|Created for a beautiful "rainbow" family, $60.00|
I've written in the past how teaching my African-American (now adult) son involved teaching him things specific to being an African-American male. These things have come to mind this week, given the events in Baltimore. A friend and fellow blogger has spent some time teaching her young son well; she writes about that here.
But a couple of days ago, I had to teach my 8 year old daughter something I would rather have avoided. She is of mixed race, but her learning didn't have anything to do with race.
You see, we were attending a ministry retreat far away from home. It was at a gorgeous canyon camp in Oklahoma, and there were only about 7 children and youth in attendance. While the parents studied and talked, the kids were allowed to play freely in this lovely place. They hiked, played basketball, climbed and jumped, golfed, and goofed around. It was an amazing experience in freedom for our wee one. She was allowed to go anywhere, as long as she stayed with the other girls (4 total, ranging from 5-13 years old). There were three boys, all significantly older, and one younger boy who stayed with his parents.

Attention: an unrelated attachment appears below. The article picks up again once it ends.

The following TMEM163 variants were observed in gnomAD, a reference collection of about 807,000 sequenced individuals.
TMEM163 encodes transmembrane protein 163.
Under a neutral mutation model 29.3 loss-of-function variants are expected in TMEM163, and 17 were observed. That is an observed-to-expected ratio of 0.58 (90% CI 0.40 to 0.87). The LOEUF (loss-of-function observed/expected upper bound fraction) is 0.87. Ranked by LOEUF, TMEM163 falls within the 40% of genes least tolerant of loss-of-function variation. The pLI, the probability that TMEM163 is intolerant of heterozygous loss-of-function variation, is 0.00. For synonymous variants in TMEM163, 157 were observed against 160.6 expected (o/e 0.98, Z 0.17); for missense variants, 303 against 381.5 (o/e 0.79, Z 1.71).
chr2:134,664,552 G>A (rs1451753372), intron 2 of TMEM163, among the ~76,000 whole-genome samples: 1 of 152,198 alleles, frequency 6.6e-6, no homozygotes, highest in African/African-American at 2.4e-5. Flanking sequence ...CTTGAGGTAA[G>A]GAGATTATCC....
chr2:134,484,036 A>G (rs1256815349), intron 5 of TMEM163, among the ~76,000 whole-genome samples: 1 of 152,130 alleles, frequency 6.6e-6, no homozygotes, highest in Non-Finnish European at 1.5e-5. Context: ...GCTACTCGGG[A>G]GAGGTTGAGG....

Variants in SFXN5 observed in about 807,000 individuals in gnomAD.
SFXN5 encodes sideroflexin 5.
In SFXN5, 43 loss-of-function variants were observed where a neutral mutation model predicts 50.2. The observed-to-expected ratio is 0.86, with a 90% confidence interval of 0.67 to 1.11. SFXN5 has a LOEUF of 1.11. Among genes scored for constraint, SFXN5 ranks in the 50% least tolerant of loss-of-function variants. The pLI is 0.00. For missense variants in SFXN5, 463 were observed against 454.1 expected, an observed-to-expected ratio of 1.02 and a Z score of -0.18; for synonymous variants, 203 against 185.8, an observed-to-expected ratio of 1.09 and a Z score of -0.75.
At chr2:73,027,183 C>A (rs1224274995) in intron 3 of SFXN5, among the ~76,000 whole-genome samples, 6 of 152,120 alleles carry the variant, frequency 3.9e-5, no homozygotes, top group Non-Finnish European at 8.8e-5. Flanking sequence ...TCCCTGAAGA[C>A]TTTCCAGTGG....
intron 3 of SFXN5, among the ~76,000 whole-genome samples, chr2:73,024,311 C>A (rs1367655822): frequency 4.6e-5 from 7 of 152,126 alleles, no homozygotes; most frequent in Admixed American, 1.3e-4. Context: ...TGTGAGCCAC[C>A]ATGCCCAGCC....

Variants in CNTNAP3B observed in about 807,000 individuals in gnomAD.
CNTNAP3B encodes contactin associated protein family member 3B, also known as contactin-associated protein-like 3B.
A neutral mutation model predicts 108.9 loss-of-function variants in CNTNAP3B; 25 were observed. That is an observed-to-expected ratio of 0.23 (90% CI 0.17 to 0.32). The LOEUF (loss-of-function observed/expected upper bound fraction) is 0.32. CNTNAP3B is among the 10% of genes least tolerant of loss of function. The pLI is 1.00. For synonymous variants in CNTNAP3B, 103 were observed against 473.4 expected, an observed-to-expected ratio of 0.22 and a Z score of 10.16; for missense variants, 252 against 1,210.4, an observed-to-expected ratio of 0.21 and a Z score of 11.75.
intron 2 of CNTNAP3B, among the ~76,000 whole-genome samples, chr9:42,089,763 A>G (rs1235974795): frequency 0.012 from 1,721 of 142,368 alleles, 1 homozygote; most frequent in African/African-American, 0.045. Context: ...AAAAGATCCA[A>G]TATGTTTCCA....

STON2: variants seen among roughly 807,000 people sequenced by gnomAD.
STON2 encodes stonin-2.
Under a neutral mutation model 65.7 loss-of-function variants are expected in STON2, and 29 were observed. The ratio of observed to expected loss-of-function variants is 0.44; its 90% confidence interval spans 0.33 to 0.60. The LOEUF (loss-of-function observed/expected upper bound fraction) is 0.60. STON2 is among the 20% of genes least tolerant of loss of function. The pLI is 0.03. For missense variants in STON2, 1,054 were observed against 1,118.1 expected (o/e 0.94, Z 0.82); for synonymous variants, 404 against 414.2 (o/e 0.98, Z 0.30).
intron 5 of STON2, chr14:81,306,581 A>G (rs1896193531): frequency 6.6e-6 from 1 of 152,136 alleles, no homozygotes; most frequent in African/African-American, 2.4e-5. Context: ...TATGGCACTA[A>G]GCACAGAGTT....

One afternoon, the 13-year-old girl came quietly into the conference room and whispered to me, "Your daughter wouldn't come back with us; she's playing down at the playground with the boys." I could tell by her tone that she understood the danger in this.
Not that these boys seemed dangerous or unruly! From what I saw, they were nice young men, but I didn't know them, and they ranged in age from 12ish-15ish...Anything from innocent curiosity to intentional cruelty could hurt my 8 year old. It was just a bad combination: little girl and adolescent boys.
But oh, my! My 8 year old didn't understand. She was distraught that she couldn't play with the boys... and I finally decided I had to tell her why. Even though I didn't want to ruin her innocence. Even though I didn't want her to learn to be afraid. She was just so sure she was right and that she should be allowed to hang out with the boys.
So we had our first girls/women-have-to-be-careful talk. I hated it as much as I hated having the hands-visible-no-sudden-motions talk I had with my son 13 or so years ago when he was learning to drive.
I think it went okay. She didn't seem afraid of the bigger boys, and she was willing to obey the directive to stay with the girls. But a piece of her childhood is over. And that makes me sad. To learn that someone might hurt you... that's a sad learning.
I will be glad when God's Kingdom comes to fruition and our children (and WE) can return to the innocence God intended for us!